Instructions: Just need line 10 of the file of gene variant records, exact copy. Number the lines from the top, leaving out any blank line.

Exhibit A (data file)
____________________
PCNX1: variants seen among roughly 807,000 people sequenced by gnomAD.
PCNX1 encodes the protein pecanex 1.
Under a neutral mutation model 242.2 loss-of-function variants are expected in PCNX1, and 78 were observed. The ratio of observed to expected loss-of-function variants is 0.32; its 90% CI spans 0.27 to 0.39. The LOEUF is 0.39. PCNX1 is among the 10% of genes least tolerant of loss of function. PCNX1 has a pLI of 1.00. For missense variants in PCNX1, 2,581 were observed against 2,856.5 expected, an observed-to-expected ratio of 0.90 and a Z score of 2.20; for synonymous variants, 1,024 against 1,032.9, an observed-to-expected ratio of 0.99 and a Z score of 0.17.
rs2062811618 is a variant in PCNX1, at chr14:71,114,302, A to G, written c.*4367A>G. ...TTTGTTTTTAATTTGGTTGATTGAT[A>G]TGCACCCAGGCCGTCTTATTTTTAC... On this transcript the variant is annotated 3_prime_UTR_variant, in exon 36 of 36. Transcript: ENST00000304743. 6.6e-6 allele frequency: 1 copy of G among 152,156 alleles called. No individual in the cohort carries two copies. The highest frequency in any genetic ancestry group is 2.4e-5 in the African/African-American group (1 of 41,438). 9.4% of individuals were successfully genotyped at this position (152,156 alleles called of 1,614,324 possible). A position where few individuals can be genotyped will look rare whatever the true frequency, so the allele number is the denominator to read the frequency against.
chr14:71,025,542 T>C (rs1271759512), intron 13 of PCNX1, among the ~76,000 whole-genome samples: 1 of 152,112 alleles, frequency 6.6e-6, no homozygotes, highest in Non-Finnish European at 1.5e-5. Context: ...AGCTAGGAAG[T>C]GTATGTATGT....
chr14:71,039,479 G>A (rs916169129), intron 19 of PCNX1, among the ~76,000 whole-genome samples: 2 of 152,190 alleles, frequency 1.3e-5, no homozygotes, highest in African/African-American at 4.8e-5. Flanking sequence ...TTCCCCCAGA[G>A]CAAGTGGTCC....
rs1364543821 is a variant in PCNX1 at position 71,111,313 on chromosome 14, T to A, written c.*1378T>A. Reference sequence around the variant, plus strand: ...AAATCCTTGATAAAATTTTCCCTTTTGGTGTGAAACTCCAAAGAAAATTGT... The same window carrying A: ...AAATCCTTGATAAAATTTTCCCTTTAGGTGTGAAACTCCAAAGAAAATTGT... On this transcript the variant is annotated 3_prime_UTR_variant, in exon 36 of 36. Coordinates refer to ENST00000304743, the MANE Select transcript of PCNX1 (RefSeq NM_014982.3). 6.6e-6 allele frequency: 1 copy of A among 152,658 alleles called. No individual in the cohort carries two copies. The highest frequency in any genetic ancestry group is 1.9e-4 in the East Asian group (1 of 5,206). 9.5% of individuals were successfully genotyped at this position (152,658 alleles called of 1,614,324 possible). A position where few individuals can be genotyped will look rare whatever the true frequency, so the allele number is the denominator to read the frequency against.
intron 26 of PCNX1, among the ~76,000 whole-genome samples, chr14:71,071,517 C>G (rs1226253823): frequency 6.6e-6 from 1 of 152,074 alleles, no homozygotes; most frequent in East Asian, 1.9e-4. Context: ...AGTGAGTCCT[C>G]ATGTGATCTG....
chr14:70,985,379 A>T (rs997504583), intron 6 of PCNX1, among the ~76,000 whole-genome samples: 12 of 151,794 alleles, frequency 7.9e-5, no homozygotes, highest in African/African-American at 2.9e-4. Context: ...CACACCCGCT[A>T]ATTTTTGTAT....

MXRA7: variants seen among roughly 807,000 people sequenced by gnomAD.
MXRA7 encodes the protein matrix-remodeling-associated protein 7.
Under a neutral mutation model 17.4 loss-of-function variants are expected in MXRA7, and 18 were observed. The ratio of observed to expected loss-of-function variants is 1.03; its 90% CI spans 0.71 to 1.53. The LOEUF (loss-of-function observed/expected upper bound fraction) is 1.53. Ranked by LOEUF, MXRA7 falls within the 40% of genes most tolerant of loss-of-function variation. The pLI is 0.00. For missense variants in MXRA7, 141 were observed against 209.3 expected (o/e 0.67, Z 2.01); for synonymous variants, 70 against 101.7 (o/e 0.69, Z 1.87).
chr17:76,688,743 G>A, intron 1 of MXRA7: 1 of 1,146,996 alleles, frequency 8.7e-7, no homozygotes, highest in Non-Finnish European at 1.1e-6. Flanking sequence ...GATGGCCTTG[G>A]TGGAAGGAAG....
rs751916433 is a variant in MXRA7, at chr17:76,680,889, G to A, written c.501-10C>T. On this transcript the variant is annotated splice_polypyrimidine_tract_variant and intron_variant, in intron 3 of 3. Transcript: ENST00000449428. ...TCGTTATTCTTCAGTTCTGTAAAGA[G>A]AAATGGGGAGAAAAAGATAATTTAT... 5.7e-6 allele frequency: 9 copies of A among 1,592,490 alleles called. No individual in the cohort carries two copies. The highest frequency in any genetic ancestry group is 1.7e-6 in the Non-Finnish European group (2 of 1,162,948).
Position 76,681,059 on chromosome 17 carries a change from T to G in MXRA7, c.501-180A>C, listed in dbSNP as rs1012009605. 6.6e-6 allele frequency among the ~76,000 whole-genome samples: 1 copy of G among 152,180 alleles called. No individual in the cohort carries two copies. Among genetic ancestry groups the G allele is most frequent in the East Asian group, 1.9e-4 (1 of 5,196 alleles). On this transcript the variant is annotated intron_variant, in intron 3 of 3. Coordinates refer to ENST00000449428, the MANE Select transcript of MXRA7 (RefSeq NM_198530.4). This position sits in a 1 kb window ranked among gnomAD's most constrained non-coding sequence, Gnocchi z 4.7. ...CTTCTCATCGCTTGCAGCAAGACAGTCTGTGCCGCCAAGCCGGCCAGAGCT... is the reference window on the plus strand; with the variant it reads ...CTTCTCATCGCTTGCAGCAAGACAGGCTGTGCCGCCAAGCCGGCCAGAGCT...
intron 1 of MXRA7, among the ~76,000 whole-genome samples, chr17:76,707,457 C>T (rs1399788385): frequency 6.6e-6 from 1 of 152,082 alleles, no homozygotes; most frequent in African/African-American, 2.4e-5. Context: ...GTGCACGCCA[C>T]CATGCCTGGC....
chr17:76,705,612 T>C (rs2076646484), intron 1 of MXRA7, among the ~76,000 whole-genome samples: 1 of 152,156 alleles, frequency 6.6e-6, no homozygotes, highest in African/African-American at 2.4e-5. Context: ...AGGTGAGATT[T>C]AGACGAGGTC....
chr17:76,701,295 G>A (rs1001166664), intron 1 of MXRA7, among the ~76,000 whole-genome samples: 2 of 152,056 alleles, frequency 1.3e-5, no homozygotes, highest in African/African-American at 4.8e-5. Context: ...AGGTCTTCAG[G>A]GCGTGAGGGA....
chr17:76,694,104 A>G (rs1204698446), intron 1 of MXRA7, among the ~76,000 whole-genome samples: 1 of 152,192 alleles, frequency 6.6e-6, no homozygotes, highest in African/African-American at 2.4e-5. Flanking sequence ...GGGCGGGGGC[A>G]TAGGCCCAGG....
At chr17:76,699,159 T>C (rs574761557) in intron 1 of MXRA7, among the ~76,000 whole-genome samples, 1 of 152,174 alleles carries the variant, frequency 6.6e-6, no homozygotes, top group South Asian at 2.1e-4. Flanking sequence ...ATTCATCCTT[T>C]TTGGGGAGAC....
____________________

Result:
MXRA7: variants seen among roughly 807,000 people sequenced by gnomAD.